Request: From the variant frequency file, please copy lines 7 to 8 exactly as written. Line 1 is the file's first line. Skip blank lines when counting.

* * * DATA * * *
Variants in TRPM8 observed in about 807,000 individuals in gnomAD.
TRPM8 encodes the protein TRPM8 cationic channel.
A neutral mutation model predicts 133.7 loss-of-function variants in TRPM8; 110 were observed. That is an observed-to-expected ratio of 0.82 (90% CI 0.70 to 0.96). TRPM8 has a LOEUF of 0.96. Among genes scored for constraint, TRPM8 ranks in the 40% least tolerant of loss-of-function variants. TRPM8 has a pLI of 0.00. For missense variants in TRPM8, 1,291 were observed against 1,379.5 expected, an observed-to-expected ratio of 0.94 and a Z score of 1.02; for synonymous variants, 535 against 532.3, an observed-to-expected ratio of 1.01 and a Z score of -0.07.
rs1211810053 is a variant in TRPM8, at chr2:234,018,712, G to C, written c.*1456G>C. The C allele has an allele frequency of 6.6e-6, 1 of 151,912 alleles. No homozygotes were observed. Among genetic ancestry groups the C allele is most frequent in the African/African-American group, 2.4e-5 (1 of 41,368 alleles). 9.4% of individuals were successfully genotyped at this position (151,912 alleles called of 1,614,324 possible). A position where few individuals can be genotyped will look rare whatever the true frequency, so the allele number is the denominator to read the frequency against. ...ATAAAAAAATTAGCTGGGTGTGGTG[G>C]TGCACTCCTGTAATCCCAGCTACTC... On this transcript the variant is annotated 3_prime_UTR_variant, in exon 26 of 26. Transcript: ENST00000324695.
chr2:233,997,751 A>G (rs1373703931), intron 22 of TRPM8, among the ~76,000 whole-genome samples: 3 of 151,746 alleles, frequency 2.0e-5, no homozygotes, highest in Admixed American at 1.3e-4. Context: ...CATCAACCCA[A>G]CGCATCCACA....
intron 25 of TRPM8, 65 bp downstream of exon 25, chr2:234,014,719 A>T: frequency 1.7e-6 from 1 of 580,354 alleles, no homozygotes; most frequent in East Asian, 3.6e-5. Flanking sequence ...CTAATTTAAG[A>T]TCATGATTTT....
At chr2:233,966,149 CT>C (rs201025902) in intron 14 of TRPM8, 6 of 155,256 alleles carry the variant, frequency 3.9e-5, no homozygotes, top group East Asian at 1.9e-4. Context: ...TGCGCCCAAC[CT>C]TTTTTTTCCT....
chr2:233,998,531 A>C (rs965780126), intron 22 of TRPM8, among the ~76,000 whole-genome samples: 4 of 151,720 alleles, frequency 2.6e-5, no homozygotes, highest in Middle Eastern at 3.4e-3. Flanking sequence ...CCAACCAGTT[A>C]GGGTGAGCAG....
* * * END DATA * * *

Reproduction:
At chr2:233,966,149 CT>C (rs201025902) in intron 14 of TRPM8, 6 of 155,256 alleles carry the variant, frequency 3.9e-5, no homozygotes, top group East Asian at 1.9e-4. Context: ...TGCGCCCAAC[CT>C]TTTTTTTCCT....
chr2:233,998,531 A>C (rs965780126), intron 22 of TRPM8, among the ~76,000 whole-genome samples: 4 of 151,720 alleles, frequency 2.6e-5, no homozygotes, highest in Middle Eastern at 3.4e-3. Flanking sequence ...CCAACCAGTT[A>C]GGGTGAGCAG....